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United States Court of Appeals,Ninth Circuit.

Abdul Masih KARDOH, Plaintiff-Appellee, v. UNITED STATES of America, Defendant-Appellant.

No. 07-15700.

Decided: July 10, 2009

Before PROCTER HUG, JR., GLENN L. ARCHER *, and RICHARD R. CLIFTON, Circuit Judges. Joseph P. Russoniello, U.S. Attorney, Barbara J. Valliere, Hartley M.K. West (argued), and Stephanie M. Hinds, Assistant U.S. Attorneys, San Francisco, CA, for defendant-appellant United States. Erik Babcock (argued), Oakland, CA, and Jonathan M. Kaufman, San Francisco, CA, for plaintiff-appellee Abdul Masih Kardoh.

Abdul Masih Kardoh, a Syrian national, obtained four alien registration cards bearing names of persons not entitled to enter the United States from an undercover agent posing as a corrupt immigration official, to whom Kardoh paid $40,000 in exchange.   A few minutes after the transaction, Kardoh was arrested, still carrying the four cards.   The government did not prosecute Kardoh, but he was deported two months later.   Kardoh then sought to recover the $40,000.   After the government declined to return the money voluntarily, Kardoh filed a motion for return of property under Federal Rule of Criminal Procedure 41(g).  The district court concluded that the government could not retain the money and granted Kardoh's motion for return of property.   Concluding that Kardoh's claim is subject to the doctrine known as in pari delicto, we reverse.

I. Background

Kardoh became the subject of an investigation by Department of Homeland Security, Immigration and Customs Enforcement (“ICE”) in July 2004.   At that time, Kardoh was residing unlawfully in the U.S. on an expired tourist visa.   ICE received information that he was seeking to acquire immigration documents.   A few months later, he was introduced to an undercover ICE agent posing as a corrupt immigration official.   Over the next fourteen months, on multiple occasions, Kardoh expressed to the undercover agent his desire to purchase alien registration cards to benefit himself and others.   In separate transactions, Kardoh purchased from the agent a card with his name for $12,500 and a card for another Syrian national also living in the U.S. unlawfully on an expired tourist visa for $15,000.

Kardoh's last meeting with the undercover agent resulted in the transaction which is the subject of this appeal.   It was described in a declaration by the undercover agent as follows:

On December 12, 2005, during my last meeting with Kardoh in my vehicle parked at the terminus of Clay Street in San Francisco, California, I provided Kardoh with four Alien Registration Cards bearing the identity of four Syrian nationals not legally entitled to the cards nor entitled to enter the United States.   In exchange for the cards, Kardoh removed from his person and handed me four bundles of U.S. paper currency bound with rubber bands, shortly after which Kardoh exited my vehicle with the four Alien Registration Cards in his possession.   Immediately thereafter, Kardoh was arrested and the four cards were found on his person.   A subsequent count confirmed that the amount of money provided by Kardoh to me to be $40,000.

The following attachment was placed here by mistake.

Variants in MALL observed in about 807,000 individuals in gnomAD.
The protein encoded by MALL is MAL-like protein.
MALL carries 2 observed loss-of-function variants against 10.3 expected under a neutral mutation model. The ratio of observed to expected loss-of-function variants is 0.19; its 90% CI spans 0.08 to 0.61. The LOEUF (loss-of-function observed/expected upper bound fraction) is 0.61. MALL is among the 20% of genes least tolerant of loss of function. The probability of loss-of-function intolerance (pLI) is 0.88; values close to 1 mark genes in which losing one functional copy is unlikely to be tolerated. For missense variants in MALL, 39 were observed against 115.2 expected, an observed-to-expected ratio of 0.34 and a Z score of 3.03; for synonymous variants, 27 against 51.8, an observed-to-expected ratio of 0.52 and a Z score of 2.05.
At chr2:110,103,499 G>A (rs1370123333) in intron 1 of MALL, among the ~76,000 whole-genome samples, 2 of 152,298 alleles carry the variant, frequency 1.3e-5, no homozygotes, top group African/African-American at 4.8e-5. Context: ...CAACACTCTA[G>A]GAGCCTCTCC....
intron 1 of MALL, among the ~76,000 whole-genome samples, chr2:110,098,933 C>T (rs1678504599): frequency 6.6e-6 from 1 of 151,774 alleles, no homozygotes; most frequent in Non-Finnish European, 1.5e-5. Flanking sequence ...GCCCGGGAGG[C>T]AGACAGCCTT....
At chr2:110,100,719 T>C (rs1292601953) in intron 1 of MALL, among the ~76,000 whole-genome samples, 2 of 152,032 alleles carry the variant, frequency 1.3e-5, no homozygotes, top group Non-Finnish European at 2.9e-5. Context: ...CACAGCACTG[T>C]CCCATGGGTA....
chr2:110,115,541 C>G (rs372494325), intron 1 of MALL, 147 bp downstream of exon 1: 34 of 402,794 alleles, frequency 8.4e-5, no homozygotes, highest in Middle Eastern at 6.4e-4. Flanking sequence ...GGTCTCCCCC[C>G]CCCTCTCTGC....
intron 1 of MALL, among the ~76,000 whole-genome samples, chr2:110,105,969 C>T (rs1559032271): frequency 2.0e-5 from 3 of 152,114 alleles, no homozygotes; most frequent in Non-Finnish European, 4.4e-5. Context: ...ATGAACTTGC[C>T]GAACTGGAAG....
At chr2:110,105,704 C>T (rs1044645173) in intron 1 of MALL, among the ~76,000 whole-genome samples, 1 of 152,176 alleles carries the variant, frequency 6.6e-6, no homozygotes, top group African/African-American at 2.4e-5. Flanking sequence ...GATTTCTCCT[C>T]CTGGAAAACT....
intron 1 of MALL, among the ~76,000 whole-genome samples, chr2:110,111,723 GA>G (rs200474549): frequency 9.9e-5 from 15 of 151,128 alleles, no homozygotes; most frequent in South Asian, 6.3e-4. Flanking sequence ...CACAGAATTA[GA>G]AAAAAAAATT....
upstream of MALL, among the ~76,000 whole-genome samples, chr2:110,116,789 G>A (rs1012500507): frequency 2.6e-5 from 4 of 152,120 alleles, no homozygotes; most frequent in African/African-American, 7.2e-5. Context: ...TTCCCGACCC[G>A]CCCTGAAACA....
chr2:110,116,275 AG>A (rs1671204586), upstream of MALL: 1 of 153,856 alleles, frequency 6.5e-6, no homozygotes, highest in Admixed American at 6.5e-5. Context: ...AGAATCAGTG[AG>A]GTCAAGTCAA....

The declaration went on to state that the agent had on several occasions spoken with Kardoh about the illegality of the transaction and expressed the agent's conclusion that it was apparent that Kardoh “understood that the transactions were illegal.”   During an interview following his arrest, after signing a form which indicated that he understood his rights, Kardoh admitted knowing that the transaction was illegal.   As expressed in the agent's declaration:

Kardoh admitted knowing what he did was illegal and to being told that it was illegal.   Kardoh further admitted that his understanding of the fact that the cards were obtained “under the table” meant that they were obtained illegally, and that he could not deny the fact that what he did was “one-hundred percent (100%) wrong.”

Kardoh offered no declaration of his own nor any other evidence to rebut the testimony contained in the agent's declaration.

Kardoh was deported from the United States two months after his arrest.   He was never indicted, nor did the government ever initiate forfeiture proceedings.

By letter, Kardoh's attorney asked the government to return the $40,000 to him.   The government declined to do so.   After it became apparent that neither an indictment nor a return of the money was forthcoming, Kardoh filed a motion with the district court under Rule 41(g) of the Federal Rules of Criminal Procedure, seeking an order that the $40,000 be returned.1

After conducting two hearings and receiving supplemental briefing, the district court concluded that it could properly exercise equitable jurisdiction over the motion and that the money should be returned to Kardoh:

The court therefore finds that continued retention of the $40,000 in the absence of a forfeiture proceeding, investigation or prosecution is unreasonable.   The property was taken over a year ago.   The government confiscated the money as an instrumentality of an illegal act without ever establishing the illegal act.   No charges have been filed.   The government has not provided evidence justifying a delay in filing charges.   Finally, Kardoh has had no notice and no legal process for protecting his interest in the money. Accordingly, equitable principles mandate that the $40,000 be returned.